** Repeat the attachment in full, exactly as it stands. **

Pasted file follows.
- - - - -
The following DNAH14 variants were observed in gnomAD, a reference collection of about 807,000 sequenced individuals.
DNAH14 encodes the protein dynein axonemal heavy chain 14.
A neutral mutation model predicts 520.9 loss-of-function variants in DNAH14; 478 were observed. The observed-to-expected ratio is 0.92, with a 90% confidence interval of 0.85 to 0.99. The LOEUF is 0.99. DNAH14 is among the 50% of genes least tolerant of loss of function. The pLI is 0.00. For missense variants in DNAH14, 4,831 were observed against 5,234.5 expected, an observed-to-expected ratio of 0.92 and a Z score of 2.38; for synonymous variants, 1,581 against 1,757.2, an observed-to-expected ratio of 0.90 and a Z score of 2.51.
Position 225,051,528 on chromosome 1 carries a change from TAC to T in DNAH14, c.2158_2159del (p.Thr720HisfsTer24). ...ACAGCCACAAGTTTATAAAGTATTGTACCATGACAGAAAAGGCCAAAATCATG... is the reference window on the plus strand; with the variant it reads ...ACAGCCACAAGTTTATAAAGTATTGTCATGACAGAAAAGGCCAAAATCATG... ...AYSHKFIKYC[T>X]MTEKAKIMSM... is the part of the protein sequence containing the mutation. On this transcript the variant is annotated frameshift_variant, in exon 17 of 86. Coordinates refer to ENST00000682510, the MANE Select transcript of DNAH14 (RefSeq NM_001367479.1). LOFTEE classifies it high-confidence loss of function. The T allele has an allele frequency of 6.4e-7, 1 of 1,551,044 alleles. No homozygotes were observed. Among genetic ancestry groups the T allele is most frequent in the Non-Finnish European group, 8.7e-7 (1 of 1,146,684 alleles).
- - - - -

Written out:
The following DNAH14 variants were observed in gnomAD, a reference collection of about 807,000 sequenced individuals.
DNAH14 encodes the protein dynein axonemal heavy chain 14.
A neutral mutation model predicts 520.9 loss-of-function variants in DNAH14; 478 were observed. The observed-to-expected ratio is 0.92, with a 90% confidence interval of 0.85 to 0.99. The LOEUF is 0.99. DNAH14 is among the 50% of genes least tolerant of loss of function. The pLI is 0.00. For missense variants in DNAH14, 4,831 were observed against 5,234.5 expected, an observed-to-expected ratio of 0.92 and a Z score of 2.38; for synonymous variants, 1,581 against 1,757.2, an observed-to-expected ratio of 0.90 and a Z score of 2.51.
Position 225,051,528 on chromosome 1 carries a change from TAC to T in DNAH14, c.2158_2159del (p.Thr720HisfsTer24). ...ACAGCCACAAGTTTATAAAGTATTGTACCATGACAGAAAAGGCCAAAATCATG... is the reference window on the plus strand; with the variant it reads ...ACAGCCACAAGTTTATAAAGTATTGTCATGACAGAAAAGGCCAAAATCATG... ...AYSHKFIKYC[T>X]MTEKAKIMSM... is the part of the protein sequence containing the mutation. On this transcript the variant is annotated frameshift_variant, in exon 17 of 86. Coordinates refer to ENST00000682510, the MANE Select transcript of DNAH14 (RefSeq NM_001367479.1). LOFTEE classifies it high-confidence loss of function. The T allele has an allele frequency of 6.4e-7, 1 of 1,551,044 alleles. No homozygotes were observed. Among genetic ancestry groups the T allele is most frequent in the Non-Finnish European group, 8.7e-7 (1 of 1,146,684 alleles).